Until, that is, I saw that flash of brown hair again.
“You’re making that face again,” she noted, leaning down to get a picture of a flower on the ground.
“What face?” I stuck my neck out, following the path of the hair until it was once again out of my sight.
“The same one you made earlier, about one of those guys. Don’t tell me I’m boring you so much that you can’t even remember this morning!” I tensed, but then she laughed and I let it go. “I’m kidding.”
“I hope so! I’m having fun today. I’m really glad you pulled me out of my room. I’ve been…uh, going through kind of a thing, a funk I guess, and I needed this. So thank you.”
“Care to talk about it?”
The care and concern in her voice was clear, but I still resisted. Maybe it was something from my childhood, but to this day I still couldn’t shake my hesitancy to connect with someone. “That’s alright.”
“For once, and I hope you don’t hate me for this, I’m going to force you to do something.” I eyed her warily, but she shrugged it off and pushed further. “I want you to tell me what has been on your mind! I’ve asked you probably thirty times in the past month to do something like this, and you’ve always said no. I understand when you’re going through something, but if you could get yourself out of the house finally, then maybe you need to take the next step and talk it out. Maybe after today, you could just be a little bit better after whatever happened.”
There was nothing worse than when someone spoke with so much reason and truth. I hated that someone could predict exactly what I needed but was too afraid to say.
So I did. I told her everything from our first and only date at the carnival, to him going to war, to us meeting again, to the complications with Adan, to how we now weren’t talking. As I told the story, I felt myself becoming completely invested in “our story.” We’d been through so much, said so much, not said enough, and now here were, not talking. As my face grew flushed and my heart sped up as I finished telling Lilah, some things started to occur to me. The one that hurt my head the most was the fact that I knew I couldn’t go on like this. Not talking to him wasn’t an option, but I had no clue how to reverse that. Then Delilah, knowing the situation for a total of about two minutes spoke more truth than I could muster up in my head in the past months.
“Why don’t you just lay it all out on the table? Tell this guy what his options are? Either he accepts that you wanted him while you were dating someone else, and that was a mistake, or he lets you know that he’s moving on.”
“That’s what I tried to do last time we saw each other. He turned me down. Did you miss that part?” I turned to her, pouting, but she remained determined.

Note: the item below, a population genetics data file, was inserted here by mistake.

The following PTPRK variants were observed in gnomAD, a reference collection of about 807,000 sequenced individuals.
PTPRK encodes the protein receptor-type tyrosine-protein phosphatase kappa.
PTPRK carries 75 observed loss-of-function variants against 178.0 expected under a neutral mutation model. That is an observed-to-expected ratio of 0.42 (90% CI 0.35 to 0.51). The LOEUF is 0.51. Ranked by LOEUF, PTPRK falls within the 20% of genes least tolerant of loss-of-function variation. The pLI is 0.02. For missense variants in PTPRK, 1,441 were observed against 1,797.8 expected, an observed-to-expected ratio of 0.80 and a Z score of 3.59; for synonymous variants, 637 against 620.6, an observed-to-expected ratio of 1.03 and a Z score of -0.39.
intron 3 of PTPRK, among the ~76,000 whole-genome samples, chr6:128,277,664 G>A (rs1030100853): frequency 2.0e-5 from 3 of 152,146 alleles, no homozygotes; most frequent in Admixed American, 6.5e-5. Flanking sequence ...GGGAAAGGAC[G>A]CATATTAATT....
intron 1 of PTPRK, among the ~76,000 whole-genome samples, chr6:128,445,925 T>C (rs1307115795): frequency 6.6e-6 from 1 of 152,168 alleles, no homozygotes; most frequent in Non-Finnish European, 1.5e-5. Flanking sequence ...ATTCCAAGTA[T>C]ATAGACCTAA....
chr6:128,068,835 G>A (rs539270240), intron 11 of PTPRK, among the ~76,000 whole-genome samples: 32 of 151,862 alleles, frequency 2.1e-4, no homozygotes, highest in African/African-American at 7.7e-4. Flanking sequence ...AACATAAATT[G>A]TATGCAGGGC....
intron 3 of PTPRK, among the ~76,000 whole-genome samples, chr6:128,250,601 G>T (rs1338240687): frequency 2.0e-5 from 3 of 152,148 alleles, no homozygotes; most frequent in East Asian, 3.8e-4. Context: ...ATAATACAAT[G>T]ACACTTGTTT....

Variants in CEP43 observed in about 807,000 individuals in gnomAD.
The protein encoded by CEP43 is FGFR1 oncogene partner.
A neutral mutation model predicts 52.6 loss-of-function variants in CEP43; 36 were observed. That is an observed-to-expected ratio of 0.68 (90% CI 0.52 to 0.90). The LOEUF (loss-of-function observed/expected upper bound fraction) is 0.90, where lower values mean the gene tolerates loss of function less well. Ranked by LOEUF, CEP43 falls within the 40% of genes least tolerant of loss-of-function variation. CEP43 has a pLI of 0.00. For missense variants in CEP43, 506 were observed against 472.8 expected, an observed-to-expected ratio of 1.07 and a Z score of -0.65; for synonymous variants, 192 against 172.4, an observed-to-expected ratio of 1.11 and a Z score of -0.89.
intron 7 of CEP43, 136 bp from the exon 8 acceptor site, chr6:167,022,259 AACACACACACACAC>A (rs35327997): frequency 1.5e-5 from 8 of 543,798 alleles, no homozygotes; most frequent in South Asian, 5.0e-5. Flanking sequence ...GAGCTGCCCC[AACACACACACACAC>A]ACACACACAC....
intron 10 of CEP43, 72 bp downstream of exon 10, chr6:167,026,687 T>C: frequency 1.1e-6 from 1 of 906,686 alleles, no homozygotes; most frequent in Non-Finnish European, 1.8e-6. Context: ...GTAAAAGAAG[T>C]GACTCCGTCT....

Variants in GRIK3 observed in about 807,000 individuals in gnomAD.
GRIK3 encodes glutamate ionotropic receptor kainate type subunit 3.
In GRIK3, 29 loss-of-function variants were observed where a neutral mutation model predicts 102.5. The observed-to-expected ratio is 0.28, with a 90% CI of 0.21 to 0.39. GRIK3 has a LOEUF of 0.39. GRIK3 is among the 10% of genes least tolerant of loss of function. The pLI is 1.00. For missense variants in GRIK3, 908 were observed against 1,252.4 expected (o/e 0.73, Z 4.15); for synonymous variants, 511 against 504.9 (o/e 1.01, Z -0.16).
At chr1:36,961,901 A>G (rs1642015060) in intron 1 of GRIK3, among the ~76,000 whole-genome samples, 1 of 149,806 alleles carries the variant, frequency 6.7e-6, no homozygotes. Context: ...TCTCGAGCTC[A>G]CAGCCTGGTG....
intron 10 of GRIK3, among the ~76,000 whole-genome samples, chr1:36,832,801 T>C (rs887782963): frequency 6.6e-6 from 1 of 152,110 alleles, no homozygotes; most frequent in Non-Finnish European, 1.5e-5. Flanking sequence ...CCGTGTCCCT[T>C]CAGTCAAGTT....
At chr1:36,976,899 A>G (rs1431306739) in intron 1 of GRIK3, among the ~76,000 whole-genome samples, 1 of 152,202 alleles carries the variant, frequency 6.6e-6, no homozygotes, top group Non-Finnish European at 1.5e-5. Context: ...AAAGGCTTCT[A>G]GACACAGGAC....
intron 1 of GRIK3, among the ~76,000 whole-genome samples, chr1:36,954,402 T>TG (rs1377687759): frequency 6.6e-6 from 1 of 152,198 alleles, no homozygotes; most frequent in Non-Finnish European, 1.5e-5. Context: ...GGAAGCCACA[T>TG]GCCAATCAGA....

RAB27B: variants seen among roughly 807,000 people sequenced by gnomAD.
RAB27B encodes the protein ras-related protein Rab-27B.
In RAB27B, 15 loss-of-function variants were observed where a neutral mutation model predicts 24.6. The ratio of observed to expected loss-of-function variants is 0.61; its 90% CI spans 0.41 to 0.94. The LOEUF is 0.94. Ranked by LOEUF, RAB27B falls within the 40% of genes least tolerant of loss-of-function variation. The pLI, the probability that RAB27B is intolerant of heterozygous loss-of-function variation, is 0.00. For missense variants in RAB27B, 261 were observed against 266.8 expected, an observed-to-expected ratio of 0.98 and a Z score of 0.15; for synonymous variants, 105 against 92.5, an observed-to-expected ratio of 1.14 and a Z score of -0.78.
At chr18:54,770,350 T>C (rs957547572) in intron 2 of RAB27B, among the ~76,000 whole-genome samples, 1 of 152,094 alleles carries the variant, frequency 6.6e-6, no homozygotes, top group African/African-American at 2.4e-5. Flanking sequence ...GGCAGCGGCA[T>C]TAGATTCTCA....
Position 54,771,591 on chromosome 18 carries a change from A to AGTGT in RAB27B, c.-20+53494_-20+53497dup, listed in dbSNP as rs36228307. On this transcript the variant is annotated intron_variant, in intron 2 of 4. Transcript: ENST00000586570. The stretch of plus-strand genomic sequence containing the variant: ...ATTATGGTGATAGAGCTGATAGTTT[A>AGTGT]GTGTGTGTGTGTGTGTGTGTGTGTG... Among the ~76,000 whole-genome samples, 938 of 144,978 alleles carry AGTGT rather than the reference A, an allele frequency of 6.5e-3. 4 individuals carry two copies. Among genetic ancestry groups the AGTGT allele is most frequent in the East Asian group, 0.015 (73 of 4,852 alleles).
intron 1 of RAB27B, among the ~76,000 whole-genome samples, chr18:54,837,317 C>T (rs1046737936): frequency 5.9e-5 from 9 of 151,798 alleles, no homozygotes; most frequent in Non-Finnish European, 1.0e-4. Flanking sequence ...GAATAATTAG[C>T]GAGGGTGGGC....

“No, but things were different then. You were still dating Adan. Now you guys are broken up and you’re free as can be! Believe it or not, he’ll probably react differently this time around.”
Everything she was saying made sense, but I think that’s what convinced me not to buy into it. There were just too many things that could go wrong for this to be the perfect solution. There was no perfect solution. I’d convinced myself that things had been messed up beyond repair, and that was a mindset I could live with.
Or could I?
“Okay,” I mumbled, still pouting. “Suppose this is the perfect plan.” I tried to hide my sarcasm, but judging from her sidelong look, she could sense it from a mile away. “How exactly am I getting into contact with him? He stopped answering my phone calls a long time ago, and I’m not about to show up on his doorstep. I’m telling you, it’s not meant to be.”
“All I’m saying is that if this is meant to be, it’ll happen. If it’s not, then you need to move on. I know it’s not exactly what you wanna hear, but that’s all there is to it.” She smiled sympathetically down at me. “I’m gonna go get us some lemonade, it got pretty hot out. What size do you want?”
“A small is fine, thanks.”
She turned to walk away, but last second she turned back around. “Sorry, but can you hold my camera? Judging from my klutzy day today, I’ll probably ruin the camera before I can make it back.” I agreed and took the camera from her. “And hey!” she called over her shoulder. “Maybe you can take some pictures while you’re at it!” Her sweet, simple laugh filled the space between us until she was out of sight.
I tried to sit in the shade for a while, but when it got too hot to even do that, I realized that I would need to busy myself until she got back. I fumbled with the camera, sneaking glances at the pictures she’d been taking all day. The ones of me, despite my protesting, had actually turned out alright. Twenty-five years old, and it was still a rarity that I would look at a photo of myself and think, “Wow, I actually don’t look half bad.” However, with these, I could. It surprised me how in a few photos, she was able to capture the essence of my being. Suddenly, her passion for photography made sense to me, and I wanted a taste of what it was like to capture something so perfect.
I laid on my belly across the plush grass. The camera was positioned so that it had a few lonely blades of grass were in the shot, but the background was blurred. I struggled, playing with the controls, to put the background into focus for a little while. Then, suddenly, it did. I grinned, looking into the camera’s viewfinder. I felt so creepy looking into it, taking photos of unsuspecting people walking by. I idly wondered what it’d be like for someone to take photos of me like this, but then I shrugged it off, realizing that no one was looking at me.
And, as usual, I was wrong. I felt a pair of eyes on me through the camera. I leaned down further to get a glimpse of the person watching back, sure they couldn’t see me, until I realized who it was and that they knew exactly what I was doing.
Then, I captured the perfect picture.